SOUTH ORANGE, NJ — Slavoj Žižek, the internationally renowned academic whom the Chronicle of Higher Education famously dubbed “the Elvis of cultural theory,” returned to Seton Hall University in early November for a public event titled “An Evening with Slavoj Žižek: Why Do We Enjoy Feeling Ashamed?”
Hosted by English professor Russell Sbriglia, the event, which was livestreamed and broadcasted across the globe, was co-sponsored by Seton Hall’s Office of the Provost, the dean’s office of the College of Arts & Sciences, and the department of English. The full recording of the event is available for streaming at shu.edu/arts-sciences/slavoj-zizek.cfm.
Speaking before a large crowd of students, faculty and members of the public in Jubilee Auditorium, Žižek delivered a lecture addressing — among many other things — the status of shame throughout the world.
With his typical gusto, Žižek highlighted the contradictions inherent in the positions of those across the political spectrum. Concerning “wokeism,” for instance, Žižek observed that the contemporary left more often than not prioritizes shame over argumentation. To illustrate his point that “shame is simply not reliable” as an indicator of whether an action is right or wrong, Žižek turned to a literary example from Mark Twain’s “The Adventures of Huckleberry Finn.” Recounting the pivotal scene in which Huck Finn feels ashamed for helping his friend, the fugitive slave Jim, escape from slavery, Žižek stressed that such a scene offers “an obvious case” of the truth being “on the side of (one’s) acts” rather than one’s “inner feelings.” From here, Žižek concluded that if the positions held by those on the political left are as correct as they believe them to be, they should be willing “to move from shame to critical examination” of and argumentation about them.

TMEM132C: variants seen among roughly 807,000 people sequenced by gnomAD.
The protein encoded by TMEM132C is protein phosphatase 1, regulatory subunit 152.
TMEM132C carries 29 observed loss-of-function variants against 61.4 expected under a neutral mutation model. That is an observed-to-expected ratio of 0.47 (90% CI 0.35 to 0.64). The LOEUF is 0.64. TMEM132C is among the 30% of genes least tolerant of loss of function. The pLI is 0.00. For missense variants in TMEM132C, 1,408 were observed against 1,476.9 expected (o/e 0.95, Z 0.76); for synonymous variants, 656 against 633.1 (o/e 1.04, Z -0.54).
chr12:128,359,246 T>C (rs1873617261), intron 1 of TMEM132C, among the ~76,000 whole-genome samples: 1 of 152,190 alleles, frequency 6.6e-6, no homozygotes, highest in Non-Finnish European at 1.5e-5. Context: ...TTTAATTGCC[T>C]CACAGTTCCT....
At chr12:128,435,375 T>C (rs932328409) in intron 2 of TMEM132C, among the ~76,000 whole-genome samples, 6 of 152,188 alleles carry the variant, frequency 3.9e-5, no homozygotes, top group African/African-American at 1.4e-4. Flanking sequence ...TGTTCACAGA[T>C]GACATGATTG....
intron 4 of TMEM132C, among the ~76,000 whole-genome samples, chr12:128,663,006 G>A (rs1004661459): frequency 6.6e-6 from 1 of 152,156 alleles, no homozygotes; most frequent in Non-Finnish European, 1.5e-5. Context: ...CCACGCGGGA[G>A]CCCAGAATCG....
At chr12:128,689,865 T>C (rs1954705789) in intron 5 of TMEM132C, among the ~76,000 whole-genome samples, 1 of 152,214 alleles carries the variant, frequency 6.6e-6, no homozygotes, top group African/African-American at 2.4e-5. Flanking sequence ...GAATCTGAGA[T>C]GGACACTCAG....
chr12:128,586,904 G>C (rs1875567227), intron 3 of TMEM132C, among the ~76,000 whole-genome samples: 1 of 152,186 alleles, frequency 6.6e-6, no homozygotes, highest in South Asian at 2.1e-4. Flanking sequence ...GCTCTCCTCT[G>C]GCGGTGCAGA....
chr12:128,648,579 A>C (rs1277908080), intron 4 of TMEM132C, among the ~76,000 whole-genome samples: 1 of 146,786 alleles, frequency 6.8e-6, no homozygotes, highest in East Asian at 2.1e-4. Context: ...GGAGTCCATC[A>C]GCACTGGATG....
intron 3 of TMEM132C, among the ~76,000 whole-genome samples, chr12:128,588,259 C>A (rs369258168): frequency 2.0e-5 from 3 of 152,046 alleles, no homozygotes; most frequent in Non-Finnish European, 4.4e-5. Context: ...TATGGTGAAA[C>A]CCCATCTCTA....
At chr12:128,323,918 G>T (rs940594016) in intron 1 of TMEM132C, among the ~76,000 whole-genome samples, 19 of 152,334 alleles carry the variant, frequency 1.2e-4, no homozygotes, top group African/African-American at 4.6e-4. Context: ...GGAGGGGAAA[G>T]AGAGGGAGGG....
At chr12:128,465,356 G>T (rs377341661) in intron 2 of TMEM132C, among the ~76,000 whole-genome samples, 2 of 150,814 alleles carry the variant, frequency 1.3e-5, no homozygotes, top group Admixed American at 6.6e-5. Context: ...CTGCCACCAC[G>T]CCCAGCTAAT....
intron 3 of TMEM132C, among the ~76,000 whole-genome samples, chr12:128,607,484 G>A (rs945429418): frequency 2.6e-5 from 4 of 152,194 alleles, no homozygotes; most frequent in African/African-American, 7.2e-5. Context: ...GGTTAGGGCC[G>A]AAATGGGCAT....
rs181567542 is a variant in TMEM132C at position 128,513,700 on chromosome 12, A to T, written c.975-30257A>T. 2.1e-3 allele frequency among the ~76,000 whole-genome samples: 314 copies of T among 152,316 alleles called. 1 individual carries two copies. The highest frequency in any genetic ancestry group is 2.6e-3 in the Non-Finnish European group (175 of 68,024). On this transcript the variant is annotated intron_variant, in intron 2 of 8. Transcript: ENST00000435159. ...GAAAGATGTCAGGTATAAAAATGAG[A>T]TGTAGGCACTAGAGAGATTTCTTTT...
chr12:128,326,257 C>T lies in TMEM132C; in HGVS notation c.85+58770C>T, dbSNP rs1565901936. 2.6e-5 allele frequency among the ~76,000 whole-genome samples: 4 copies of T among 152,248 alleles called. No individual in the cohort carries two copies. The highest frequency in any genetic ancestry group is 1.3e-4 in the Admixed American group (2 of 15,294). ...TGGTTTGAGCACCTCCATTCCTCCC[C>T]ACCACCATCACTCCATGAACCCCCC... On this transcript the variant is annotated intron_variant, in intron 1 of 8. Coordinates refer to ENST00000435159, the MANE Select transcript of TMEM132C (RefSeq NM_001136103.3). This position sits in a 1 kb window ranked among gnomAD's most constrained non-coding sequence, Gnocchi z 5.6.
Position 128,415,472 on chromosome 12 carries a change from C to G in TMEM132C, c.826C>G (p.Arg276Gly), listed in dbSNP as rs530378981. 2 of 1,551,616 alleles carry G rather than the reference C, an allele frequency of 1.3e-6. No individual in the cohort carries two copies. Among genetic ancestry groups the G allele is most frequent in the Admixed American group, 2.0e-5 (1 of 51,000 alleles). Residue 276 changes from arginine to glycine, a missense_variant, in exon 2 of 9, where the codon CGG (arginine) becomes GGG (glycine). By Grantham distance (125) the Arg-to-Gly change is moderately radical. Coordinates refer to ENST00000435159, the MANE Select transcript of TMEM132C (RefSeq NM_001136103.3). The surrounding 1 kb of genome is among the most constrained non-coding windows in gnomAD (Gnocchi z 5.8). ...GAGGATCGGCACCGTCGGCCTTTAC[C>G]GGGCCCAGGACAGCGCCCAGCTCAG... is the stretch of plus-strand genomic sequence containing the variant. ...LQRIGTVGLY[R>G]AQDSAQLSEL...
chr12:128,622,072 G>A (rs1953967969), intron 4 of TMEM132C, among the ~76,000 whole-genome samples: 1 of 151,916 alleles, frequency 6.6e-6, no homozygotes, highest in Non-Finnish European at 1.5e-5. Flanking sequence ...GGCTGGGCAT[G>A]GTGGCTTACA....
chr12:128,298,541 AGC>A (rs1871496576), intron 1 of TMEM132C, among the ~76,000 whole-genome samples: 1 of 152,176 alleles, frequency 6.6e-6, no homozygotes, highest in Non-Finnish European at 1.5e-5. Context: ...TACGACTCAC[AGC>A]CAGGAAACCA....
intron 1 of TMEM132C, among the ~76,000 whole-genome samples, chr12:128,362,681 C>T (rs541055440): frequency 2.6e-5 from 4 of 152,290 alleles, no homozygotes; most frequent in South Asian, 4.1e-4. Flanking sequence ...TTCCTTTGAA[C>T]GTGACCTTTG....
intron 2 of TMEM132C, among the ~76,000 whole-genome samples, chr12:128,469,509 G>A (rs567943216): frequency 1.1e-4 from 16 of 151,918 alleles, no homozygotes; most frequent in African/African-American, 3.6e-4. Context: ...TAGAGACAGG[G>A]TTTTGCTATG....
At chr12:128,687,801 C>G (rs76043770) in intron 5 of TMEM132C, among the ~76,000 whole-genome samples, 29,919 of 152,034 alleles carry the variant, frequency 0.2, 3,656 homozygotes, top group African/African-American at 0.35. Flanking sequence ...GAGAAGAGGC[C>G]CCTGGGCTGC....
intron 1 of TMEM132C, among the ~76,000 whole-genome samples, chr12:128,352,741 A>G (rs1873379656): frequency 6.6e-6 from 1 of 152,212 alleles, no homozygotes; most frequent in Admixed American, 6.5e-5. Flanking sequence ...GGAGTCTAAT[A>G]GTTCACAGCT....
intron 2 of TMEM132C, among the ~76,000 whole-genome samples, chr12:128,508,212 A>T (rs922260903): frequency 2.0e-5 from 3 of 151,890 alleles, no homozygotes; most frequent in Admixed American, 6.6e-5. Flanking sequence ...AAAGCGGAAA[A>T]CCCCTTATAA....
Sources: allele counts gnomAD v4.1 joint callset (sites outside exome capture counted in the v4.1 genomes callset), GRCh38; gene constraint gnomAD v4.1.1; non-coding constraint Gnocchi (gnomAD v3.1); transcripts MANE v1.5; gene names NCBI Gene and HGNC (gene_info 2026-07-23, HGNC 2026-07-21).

With respect to the contemporary right, Žižek noted how the current anti-LGBT panic among conservatives over so-called “grooming” betrays a complete lack of conviction in their belief that sexuality is a strictly natural, biological phenomenon. As Žižek explained, “Conservatives are horrified by this idea, that if you teach young children about LGBT (people) and construction of sexual identity, that this may affect them, and that they will effectively become gay, trans and so on. But the paradox is clear here: They don’t believe their own idea that sex is natural. If they were to believe it, they wouldn’t be so afraid. If one’s sexual orientation is so easily changed by education, does this not imply that sexual identity is a social construct?”
Žižek also spoke at length about the war in Ukraine, voicing his unequivocal support for the Ukrainian struggle against the Russian occupation.
This most recent talk was Žižek’s second public appearance at Seton Hall University. In October of 2018, he delivered a talk as part of the university’s Poetry-in-the-Round speaker series titled “Samuel Beckett as the Writer of Political Abstraction; or, What Can Beckett Tell Us about the Alt-Right and Political Correctness?” The video of that lecture has more than 75,000 views.